4 Researchers are responsible for conducting high-quality research characterised by scientific integrity, truthfulness, and accountability, and research institutions must create conditions that promote such practice.
Scientific integrity, truthfulness, and accountability are fundamental research ethics requirements. Researchers and research institutions have an obligation to familiarise themselves with and observe research ethics guidelines that are relevant to their type of research.
Researchers are responsible for respecting the research results of others and for exercising good scientific practice. Researchers must not conceal, misrepresent or falsify anything, whether in the planning, execution or reporting of the research. Plagiarism involves presenting the ideas or research of others as one’s own.
The individual researcher has an independent responsibility not to accept departures from good scientific practice, on his or her own account or that of others.Researchers who discover or are made aware of errors in their research, must admit the error, correct it, and ensure that the consequences of the error are minimal.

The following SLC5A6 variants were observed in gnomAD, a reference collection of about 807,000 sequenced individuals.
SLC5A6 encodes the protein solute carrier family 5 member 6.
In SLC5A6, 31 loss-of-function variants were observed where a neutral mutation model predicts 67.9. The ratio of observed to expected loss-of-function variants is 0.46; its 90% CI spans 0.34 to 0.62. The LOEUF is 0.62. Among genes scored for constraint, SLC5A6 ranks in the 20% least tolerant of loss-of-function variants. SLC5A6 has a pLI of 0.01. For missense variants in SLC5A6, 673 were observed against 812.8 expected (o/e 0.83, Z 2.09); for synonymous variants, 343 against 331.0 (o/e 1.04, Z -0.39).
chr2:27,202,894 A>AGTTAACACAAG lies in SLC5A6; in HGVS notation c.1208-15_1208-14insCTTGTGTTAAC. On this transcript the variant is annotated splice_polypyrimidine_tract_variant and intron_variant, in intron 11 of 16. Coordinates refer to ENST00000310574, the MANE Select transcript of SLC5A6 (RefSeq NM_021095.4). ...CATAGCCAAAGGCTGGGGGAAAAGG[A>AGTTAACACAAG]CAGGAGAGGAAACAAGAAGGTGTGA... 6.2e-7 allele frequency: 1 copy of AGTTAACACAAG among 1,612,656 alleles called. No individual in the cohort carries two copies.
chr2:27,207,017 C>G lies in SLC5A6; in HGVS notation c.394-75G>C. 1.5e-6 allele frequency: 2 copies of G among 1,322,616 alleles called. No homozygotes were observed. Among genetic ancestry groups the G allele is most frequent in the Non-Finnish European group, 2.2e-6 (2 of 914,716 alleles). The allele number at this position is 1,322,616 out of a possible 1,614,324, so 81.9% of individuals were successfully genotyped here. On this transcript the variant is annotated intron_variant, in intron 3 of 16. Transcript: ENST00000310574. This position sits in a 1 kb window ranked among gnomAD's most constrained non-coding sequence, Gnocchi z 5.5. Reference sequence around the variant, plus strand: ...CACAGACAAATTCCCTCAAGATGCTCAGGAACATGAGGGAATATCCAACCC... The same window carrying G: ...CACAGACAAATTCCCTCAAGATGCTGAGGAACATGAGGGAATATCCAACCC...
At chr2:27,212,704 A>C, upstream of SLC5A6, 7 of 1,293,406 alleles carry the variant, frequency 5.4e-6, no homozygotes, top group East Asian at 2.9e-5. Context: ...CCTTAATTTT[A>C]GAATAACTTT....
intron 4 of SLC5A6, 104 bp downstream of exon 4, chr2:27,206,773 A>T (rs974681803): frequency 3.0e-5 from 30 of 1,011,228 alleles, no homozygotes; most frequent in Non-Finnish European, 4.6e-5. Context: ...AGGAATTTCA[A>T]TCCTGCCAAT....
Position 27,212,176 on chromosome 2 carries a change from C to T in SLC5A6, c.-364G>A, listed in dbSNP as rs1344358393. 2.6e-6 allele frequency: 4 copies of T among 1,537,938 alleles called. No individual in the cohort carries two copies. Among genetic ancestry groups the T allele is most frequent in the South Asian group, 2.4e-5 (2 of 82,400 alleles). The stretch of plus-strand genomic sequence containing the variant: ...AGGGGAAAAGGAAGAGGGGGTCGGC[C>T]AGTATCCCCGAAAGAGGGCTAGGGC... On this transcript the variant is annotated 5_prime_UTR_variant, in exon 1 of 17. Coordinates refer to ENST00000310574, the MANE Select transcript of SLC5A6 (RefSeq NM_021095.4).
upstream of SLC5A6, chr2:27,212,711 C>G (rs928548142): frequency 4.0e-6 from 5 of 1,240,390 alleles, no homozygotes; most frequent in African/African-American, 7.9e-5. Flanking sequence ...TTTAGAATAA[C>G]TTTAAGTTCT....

Good citation practice
It is in the nature of research to build on research by others. Researchers who take advantage of the ideas and research by others, both published and unpublished, must acknowledge this accurately, so that it is clear what the researcher’s own contribution is. Researchers must give a balanced and correct presentation of the research of others. Citations make research traceable and verifiable.
Researchers and research institutions must make data available to others for verification after a certain period. If the data are not used within this period, they should be made available to other researchers.
Within the framework of existing rules and regulations, institutions should have guidelines and procedures for preserving research data, in such a way that they can be retrieved - also after researchers have finished working at the institution.
5 Researchers must respect the contributions of other researchers and observe standards of authorship and cooperation.